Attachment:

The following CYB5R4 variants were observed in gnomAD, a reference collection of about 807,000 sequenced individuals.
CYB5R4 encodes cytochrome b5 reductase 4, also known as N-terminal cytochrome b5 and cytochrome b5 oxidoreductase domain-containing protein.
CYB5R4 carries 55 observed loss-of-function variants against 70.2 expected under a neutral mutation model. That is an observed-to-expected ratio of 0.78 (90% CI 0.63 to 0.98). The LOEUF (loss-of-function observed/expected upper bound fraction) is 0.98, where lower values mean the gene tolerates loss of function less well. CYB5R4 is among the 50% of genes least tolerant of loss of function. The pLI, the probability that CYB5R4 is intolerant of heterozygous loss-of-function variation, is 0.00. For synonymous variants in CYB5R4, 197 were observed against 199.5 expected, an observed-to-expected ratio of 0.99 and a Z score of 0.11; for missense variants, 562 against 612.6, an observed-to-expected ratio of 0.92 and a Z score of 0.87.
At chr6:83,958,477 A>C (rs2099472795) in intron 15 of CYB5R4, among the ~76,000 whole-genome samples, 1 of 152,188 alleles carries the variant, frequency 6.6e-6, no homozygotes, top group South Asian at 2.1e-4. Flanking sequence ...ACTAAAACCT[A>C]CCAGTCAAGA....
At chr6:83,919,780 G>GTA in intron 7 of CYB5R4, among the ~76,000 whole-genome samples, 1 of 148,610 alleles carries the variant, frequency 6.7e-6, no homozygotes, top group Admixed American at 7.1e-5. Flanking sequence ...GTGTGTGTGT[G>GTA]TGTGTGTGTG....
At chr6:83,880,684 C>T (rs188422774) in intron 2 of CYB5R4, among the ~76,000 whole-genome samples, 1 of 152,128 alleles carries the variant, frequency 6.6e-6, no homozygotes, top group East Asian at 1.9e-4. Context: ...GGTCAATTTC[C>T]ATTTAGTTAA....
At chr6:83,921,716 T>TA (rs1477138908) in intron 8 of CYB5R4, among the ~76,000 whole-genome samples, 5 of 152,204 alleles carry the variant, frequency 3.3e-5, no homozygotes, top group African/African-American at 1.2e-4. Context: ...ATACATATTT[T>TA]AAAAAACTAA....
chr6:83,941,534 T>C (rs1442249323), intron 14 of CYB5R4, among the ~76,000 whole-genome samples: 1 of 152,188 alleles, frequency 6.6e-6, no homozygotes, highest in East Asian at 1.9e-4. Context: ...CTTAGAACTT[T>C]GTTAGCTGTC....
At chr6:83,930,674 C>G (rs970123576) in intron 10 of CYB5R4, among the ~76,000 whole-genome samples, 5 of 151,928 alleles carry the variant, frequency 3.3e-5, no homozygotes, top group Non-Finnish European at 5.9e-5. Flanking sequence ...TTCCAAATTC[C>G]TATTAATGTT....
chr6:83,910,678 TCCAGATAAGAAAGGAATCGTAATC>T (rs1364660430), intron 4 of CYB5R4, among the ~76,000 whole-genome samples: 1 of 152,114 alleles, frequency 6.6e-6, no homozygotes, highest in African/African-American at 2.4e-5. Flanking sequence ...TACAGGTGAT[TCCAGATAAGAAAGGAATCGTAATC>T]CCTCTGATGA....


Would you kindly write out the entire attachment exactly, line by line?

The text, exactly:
The following CYB5R4 variants were observed in gnomAD, a reference collection of about 807,000 sequenced individuals.
CYB5R4 encodes cytochrome b5 reductase 4, also known as N-terminal cytochrome b5 and cytochrome b5 oxidoreductase domain-containing protein.
CYB5R4 carries 55 observed loss-of-function variants against 70.2 expected under a neutral mutation model. That is an observed-to-expected ratio of 0.78 (90% CI 0.63 to 0.98). The LOEUF (loss-of-function observed/expected upper bound fraction) is 0.98, where lower values mean the gene tolerates loss of function less well. CYB5R4 is among the 50% of genes least tolerant of loss of function. The pLI, the probability that CYB5R4 is intolerant of heterozygous loss-of-function variation, is 0.00. For synonymous variants in CYB5R4, 197 were observed against 199.5 expected, an observed-to-expected ratio of 0.99 and a Z score of 0.11; for missense variants, 562 against 612.6, an observed-to-expected ratio of 0.92 and a Z score of 0.87.
At chr6:83,958,477 A>C (rs2099472795) in intron 15 of CYB5R4, among the ~76,000 whole-genome samples, 1 of 152,188 alleles carries the variant, frequency 6.6e-6, no homozygotes, top group South Asian at 2.1e-4. Flanking sequence ...ACTAAAACCT[A>C]CCAGTCAAGA....
At chr6:83,919,780 G>GTA in intron 7 of CYB5R4, among the ~76,000 whole-genome samples, 1 of 148,610 alleles carries the variant, frequency 6.7e-6, no homozygotes, top group Admixed American at 7.1e-5. Flanking sequence ...GTGTGTGTGT[G>GTA]TGTGTGTGTG....
At chr6:83,880,684 C>T (rs188422774) in intron 2 of CYB5R4, among the ~76,000 whole-genome samples, 1 of 152,128 alleles carries the variant, frequency 6.6e-6, no homozygotes, top group East Asian at 1.9e-4. Context: ...GGTCAATTTC[C>T]ATTTAGTTAA....
At chr6:83,921,716 T>TA (rs1477138908) in intron 8 of CYB5R4, among the ~76,000 whole-genome samples, 5 of 152,204 alleles carry the variant, frequency 3.3e-5, no homozygotes, top group African/African-American at 1.2e-4. Context: ...ATACATATTT[T>TA]AAAAAACTAA....
chr6:83,941,534 T>C (rs1442249323), intron 14 of CYB5R4, among the ~76,000 whole-genome samples: 1 of 152,188 alleles, frequency 6.6e-6, no homozygotes, highest in East Asian at 1.9e-4. Context: ...CTTAGAACTT[T>C]GTTAGCTGTC....
At chr6:83,930,674 C>G (rs970123576) in intron 10 of CYB5R4, among the ~76,000 whole-genome samples, 5 of 151,928 alleles carry the variant, frequency 3.3e-5, no homozygotes, top group Non-Finnish European at 5.9e-5. Flanking sequence ...TTCCAAATTC[C>G]TATTAATGTT....
chr6:83,910,678 TCCAGATAAGAAAGGAATCGTAATC>T (rs1364660430), intron 4 of CYB5R4, among the ~76,000 whole-genome samples: 1 of 152,114 alleles, frequency 6.6e-6, no homozygotes, highest in African/African-American at 2.4e-5. Flanking sequence ...TACAGGTGAT[TCCAGATAAGAAAGGAATCGTAATC>T]CCTCTGATGA....